Thought provoking and topical, “The East” blends emotional tension and suspense to create an absorbing thriller that also manages to be socially conscious without being preachy.
Sarah Moss (Brit Marling), an operative for the private intelligence firm Hiller Brood, is tasked with infiltrating an anarchist group called The East to protect her corporate clients’ interests. Once she convinces the members of her willing participation and gains the trust of their leader Benji (Alexander Skarsgård), she begins gathering intel for her superiors.
As time goes by, however, Sarah finds herself connecting with Benji, even as she accompanies him and the group on their next action or “jam” against several additional targets. The more she spends time living with these vigilantes, the more she questions the moral foundations of her priorities.
Whoever is in the mood for a polished adrenaline rush will get their money’s worth out of “The East”. The pacing is vigilant but quick, proceeding to the next “jam” without delay. Also, the suspense never diminishes as the story progresses, especially as Sarah must remain aware of the danger around her and the stakes she faces while on assignment.
Wherever she turns, her goals are met with unrelenting tension and surprise, both of which create an energetic “on-edge” feeling that keeps the audience engrossed in the film. Even better, we cannot help but be captivated by her steady realization that her two worlds aren’t all they appear to be. Yes, I must say, the journey that Sarah undertakes gives “The East” an emotional resonance that transcends the somewhat (but not quite) mainstream plot mechanics.
For those seeking more than just entertainment, I am pleased to announce “The East” contains plenty of food for thought relevant to the times we live in. Intrigue transforms into commentary as seen in the tug-of-war conflict between the private agency and the anarchist collective, with the corporate activities as the target of both. Whether you are familiar with such real-world topics or not, you won’t walk away once the credits start rolling without taking a moment to think about the big questions posed by the film.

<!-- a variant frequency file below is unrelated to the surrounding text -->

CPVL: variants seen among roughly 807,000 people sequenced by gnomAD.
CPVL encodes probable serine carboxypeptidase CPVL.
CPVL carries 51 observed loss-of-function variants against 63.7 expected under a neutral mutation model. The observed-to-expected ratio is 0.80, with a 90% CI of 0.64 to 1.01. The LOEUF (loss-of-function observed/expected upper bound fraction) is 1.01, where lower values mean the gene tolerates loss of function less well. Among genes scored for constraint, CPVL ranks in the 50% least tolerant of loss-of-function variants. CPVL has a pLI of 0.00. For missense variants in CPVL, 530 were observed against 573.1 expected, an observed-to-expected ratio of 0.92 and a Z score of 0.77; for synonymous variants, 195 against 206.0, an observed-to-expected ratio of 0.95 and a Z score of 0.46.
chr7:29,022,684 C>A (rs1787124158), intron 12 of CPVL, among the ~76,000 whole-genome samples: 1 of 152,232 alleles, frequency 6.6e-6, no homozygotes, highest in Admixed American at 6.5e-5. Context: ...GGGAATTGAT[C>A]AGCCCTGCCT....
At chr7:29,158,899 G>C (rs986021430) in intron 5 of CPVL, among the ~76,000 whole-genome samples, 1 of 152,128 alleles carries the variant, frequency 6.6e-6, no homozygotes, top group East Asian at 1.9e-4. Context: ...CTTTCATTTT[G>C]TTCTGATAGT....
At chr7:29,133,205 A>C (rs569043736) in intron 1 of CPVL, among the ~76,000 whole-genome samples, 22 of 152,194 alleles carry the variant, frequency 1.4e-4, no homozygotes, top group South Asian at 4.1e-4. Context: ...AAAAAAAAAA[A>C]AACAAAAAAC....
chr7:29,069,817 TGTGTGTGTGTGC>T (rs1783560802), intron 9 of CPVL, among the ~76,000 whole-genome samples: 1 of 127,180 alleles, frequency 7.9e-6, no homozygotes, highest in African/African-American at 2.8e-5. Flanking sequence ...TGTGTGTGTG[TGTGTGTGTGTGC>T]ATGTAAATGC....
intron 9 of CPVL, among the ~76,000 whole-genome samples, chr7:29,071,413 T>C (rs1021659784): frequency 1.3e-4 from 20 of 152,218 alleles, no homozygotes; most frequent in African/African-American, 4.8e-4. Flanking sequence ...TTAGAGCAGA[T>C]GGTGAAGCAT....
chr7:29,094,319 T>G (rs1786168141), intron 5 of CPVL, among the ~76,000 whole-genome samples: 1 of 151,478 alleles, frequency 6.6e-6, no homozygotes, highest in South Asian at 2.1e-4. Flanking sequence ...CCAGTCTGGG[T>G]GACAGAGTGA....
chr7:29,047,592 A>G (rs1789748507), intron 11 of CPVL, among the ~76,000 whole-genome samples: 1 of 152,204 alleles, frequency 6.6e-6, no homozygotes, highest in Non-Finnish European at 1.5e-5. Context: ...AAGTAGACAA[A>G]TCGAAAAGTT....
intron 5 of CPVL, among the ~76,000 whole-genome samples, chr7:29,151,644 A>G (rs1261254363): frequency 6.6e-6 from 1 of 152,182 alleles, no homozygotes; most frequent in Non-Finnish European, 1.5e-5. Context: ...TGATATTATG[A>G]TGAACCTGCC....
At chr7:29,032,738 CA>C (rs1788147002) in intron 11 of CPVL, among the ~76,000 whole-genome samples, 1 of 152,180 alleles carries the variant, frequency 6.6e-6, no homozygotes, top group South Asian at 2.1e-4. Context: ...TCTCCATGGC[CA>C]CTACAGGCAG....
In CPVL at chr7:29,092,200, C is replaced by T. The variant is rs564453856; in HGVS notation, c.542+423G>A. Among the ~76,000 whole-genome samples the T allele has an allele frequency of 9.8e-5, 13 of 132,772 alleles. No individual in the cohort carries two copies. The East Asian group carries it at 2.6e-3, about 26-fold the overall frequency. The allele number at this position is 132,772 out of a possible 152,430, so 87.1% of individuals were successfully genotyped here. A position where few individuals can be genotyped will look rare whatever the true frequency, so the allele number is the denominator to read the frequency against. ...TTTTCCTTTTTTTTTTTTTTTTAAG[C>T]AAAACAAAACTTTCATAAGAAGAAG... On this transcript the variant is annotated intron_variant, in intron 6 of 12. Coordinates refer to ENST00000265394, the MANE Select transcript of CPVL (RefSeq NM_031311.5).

What I enjoyed most about “The East” was its ability to not force moviegoers to choose sides over the social issues it presented. Addressing the bigger picture is good, but reaching your own conclusions about it is even better; that sense of purpose is Sarah’s (and ours) to discover, and I appreciate the humility behind it.
As much as “The East” is an espionage thriller, whatever genre patterns I might have detected were swept away by the riveting cast performances. Had the actors not created characters every bit as fascinating as the narrative’s subject matter, “The East” would have never reached its maximum potential, and its plot would now be without a soul to guide it.
Speaking of actors, I applaud director Zal Batmanglij for assembling one of the finest casts I’ve seen this year. Not a single person is as simple as the audience presumes him or her to be at the start; the cast members do an excellent job of tapping into those shades that make their characters very human and relatable.
Brit Marling delivers what is easily her best performance so far, embodying Sarah’s resourcefulness and growing uncertainty as she comes to realize the ethical ambiguities of her personal life. It also helps to have her as one of the screenwriters; she, along with Batmanglij, put a lot of effort into ensuring the dialogue and character interactions were spot-on.
Alexander Skarsgård succeeds in conveying Benji’s multifaceted leadership qualities without favoring one side over the other. I cannot tell you how I impressed I was at seeing him contrasting his affection for his fellow activists with his hatred of the corporate sector’s crimes. Also worth watching is Ellen Page, who brings a melancholy sympathy to the pent-up anger her Izzy expresses toward The East’s targets.
If you ever get the chance to see “The East” in theaters, I insist you do so. It is not only an exciting thriller guaranteed to satisfy your desire for entertainment, but also a humble self-reflection on topics worth pondering.
MPAA rating: PG-13 for thematic elements, violence, some disturbing images, sexual content and partial nudity.
Running time: 1 hour and 56 minutes
Playing: AMC La Jolla 12